Tuesday, May 21, 2024

Joe Faillace looked out the front windows of his sandwich shop this month and barely recognized the neighborhood where he has worked for almost 40 years. There were no tents within view, no emergency sirens, no campfires, no drug users slumped over on his patio or the sidewalk. Instead, he saw customers walking down quiet, clean streets toward his restaurant in time for a lunch rush that now doubles his average daily sales from early in the year.

“The difference over the last six months is something I never believed was even possible,” he said. “It’s an entirely new place. Every day feels like a miracle.”

The transformation is in fact the result of a fractious, litigious and arduous process that has consumed much of downtown Phoenix since Sept. 20, when a Maricopa County judge ordered the city to clear away its largest homeless encampment, a tent city of more than 1,000 residents known as The Zone. The judge ruled that the encampment had become a public nuisance, a place of “lawlessness and chaos” with such high rates of crime that it violated the rights of local businesses, and therefore needed to be removed within 45 days.

The city spent more than $30 million to open three homeless shelters in October and then worked with a team of local nonprofits to clean up The Zone block by block. Outreach workers offered temporary shelter to more than 700 people living in The Zone, and 585 eventually accepted help and chose to move indoors. The city also added 362 transitional beds for longer-term housing and turned a nearby parking lot into a sanctioned camping area with security and portable restrooms; a few dozen people now pitch their tents there.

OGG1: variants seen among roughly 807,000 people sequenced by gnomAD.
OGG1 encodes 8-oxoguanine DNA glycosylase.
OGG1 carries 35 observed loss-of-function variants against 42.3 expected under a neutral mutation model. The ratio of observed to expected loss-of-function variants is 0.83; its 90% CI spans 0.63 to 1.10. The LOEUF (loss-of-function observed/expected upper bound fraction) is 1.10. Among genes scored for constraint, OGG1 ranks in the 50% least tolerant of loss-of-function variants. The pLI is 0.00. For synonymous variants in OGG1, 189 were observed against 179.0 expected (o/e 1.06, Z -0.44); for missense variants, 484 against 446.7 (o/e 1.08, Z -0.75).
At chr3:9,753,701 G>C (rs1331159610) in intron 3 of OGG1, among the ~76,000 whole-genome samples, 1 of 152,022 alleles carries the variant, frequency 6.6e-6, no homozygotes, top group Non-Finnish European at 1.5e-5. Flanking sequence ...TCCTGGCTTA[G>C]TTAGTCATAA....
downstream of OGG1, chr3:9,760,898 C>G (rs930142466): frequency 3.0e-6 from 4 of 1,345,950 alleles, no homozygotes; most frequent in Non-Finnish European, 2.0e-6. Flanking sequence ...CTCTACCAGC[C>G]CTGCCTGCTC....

In Phoenix, advocates for the homeless remain skeptical that the solutions will be enough to solve the crisis long term. Almost 10,000 people are homeless in Maricopa County, according to the last official count, a 70 percent increase since 2017, and the average rent continues to increase at three times the national rate. Already, some people who’ve dispersed from The Zone have begun congregating in tents and on sidewalks in other parts of downtown Phoenix.

“Our city staff and local nonprofits made a heroic push over the last few months to conduct outreach to our unsheltered neighbors, move them indoors and ultimately clear this area,” Mayor Kate Gallego of Phoenix said. “I want to emphasize that this does not mark the end of our work to address the nationwide homelessness crisis.”

The Phoenix police will continue to patrol The Zone each day to ensure that homeless campers don’t return, and local politicians and business owners have already begun meeting to discuss how the neighborhood can rebuild. “A lot of places have suffered some long lasting scars from all this, and that includes Old Station,” Joe said. His wife and longtime business partner, Debbie, decided to leave the restaurant in the spring and move to a house in Prescott, Ariz., a few hours’ drive away. Joe hopes to rebuild his customer base over the next several months, sell the restaurant to recoup his retirement money and join her in Prescott sometime next year.

“She couldn’t stand being down here anymore with all the bad memories,” Joe said. “This has always been our place, so it’s a whole new world doing it without her. It’s weird. It’s lonely. But at least now I’ve got customers.”

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